Finding and maintaining volunteer success in a multisite church
So far in this series, we have discussed challenges that a church might be facing as they become a multisite. The series has included issues like vision planning, establishing leadership, creating campus identity, and utilizing the proper technology. All of these things are needed when planning and launching a new campus. However, any church leader knows that running a church also requires a motivated group of volunteers to keep the day to day and week to week processes running strong. Many churches face the challenge of finding equally eager volunteers for two or more campuses, especially if it took awhile to build and fill the volunteer teams in their first campus. It may seem like a difficult feat, but taking time to build a close-knit volunteer force will strengthen the health and life of your church.
The most effective churches have figured out how to transfer ownership effectively. As a result, their churches consist of excited volunteers, led by empowering leaders. Here are a few things we can learn from leaders who are effective at transferring ownership and creating partners in their vision.
1. Cast The Vision
This gets a lot of press in the church world. We all know that without a vision, the people perish (Proverbs 29:18). A vision needs to be communicated clearly. Churches involved in God’s Work of Redemption inherently have visions that are incredibly compelling. When each team’s role is clearly connected to the core vision of the church – their visions become compelling as well.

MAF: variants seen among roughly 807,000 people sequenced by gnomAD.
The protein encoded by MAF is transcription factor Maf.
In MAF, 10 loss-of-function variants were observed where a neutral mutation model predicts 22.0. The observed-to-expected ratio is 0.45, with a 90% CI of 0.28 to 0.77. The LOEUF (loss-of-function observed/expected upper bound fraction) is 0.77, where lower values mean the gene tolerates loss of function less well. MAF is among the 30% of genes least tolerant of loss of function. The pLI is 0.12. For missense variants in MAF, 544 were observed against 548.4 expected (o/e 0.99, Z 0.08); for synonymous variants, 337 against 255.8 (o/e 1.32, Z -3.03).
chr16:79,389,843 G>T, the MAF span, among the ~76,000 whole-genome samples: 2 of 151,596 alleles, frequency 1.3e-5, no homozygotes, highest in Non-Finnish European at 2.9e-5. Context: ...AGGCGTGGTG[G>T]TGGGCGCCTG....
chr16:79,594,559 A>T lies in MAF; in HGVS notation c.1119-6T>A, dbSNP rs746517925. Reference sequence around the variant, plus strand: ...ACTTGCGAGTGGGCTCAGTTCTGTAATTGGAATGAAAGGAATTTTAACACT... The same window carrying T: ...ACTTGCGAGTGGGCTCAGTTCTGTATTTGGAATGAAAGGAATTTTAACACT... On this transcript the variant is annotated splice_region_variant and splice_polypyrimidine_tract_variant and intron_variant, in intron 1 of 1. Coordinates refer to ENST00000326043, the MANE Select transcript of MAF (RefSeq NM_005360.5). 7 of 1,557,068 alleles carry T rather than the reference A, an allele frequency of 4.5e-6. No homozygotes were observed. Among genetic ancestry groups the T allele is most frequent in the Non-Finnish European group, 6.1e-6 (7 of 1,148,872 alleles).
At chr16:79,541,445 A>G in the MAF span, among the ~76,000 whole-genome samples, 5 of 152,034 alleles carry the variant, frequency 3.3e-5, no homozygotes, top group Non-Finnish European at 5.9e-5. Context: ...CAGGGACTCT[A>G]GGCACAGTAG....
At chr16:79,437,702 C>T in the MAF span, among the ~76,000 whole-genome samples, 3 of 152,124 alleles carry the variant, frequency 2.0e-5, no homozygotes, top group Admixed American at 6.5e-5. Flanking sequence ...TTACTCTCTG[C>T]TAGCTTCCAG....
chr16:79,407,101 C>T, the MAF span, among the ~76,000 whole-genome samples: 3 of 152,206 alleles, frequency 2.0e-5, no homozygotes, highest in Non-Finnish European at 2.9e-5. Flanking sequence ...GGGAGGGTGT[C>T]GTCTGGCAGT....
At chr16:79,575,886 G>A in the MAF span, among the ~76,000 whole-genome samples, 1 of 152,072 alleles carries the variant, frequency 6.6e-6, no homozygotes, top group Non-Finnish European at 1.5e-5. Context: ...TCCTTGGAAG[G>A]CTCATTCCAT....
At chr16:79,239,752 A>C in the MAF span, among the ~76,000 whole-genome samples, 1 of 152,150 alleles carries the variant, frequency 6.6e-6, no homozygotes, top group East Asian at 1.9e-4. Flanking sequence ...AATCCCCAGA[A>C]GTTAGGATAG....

“We are going to set up in 45 minutes or less.”
“Our setup teams will have plenty of energy left over to be engaged with the service and present to visitors.”
“Our worship space will point people to God.”
2. Set The Boundaries
If you are going to turn responsibilities over to leaders and volunteers, you need to be clear on where your responsibilities end and theirs begin. For example, “This is your baby now. You care more about sound quality than I do. That is why you are the right person for this job, not me!” This step is so critical, and it is where many leaders fail. It is so important not to violate the boundary that you have set. Don’t nag. Don’t control. Don’t micromanage. Those mistakes will destroy a sense of ownership. Once you have agreed on the mechanisms of accountability, you can hold people accountable without violating their boundaries.
3. Provide Resources
Make sure that delegation comes with the resources necessary to get the job done. This includes training, equipment, time, and money. It can also include processes and access to key people. You can even offer to help, as long as it’s clear that you are not the boss when you step into the other person’s area of responsibility. This step is particularly important early on when the risk of discouragement is high and a person may not know or even trust that certain resources are available.
4. Allow Failure
Here is where most leaders fail when it comes to transferring ownership. Perhaps we never really wanted to give up control. Perhaps our low self-esteem demands that we jump back in to prove that we do it best. Perhaps failure avoidance is more important to us than healthy delegation. Perhaps we fail to recognize failure for what it is – the last step in a successful transfer of ownership. Perfectionists don’t lead empowered teams. Failure is part of the process. Expect it. How you handle it will cement or destroy the sense of ownership that a person has for their area of responsibility.
5. Enjoy Success
There is a difference between renters and owners, between babysitters and parents, between stewards and heirs. Jesus talked about the difference between hired hands and shepherds (John 10). There is tremendous satisfaction in working with a team that cares as much about accomplishing the vision as you do.
How does your church encourage and support a community or volunteers and servanthood? Let us know in the comments below!
For more information on how we help Multisite Churches, check out our Nexus Solutions.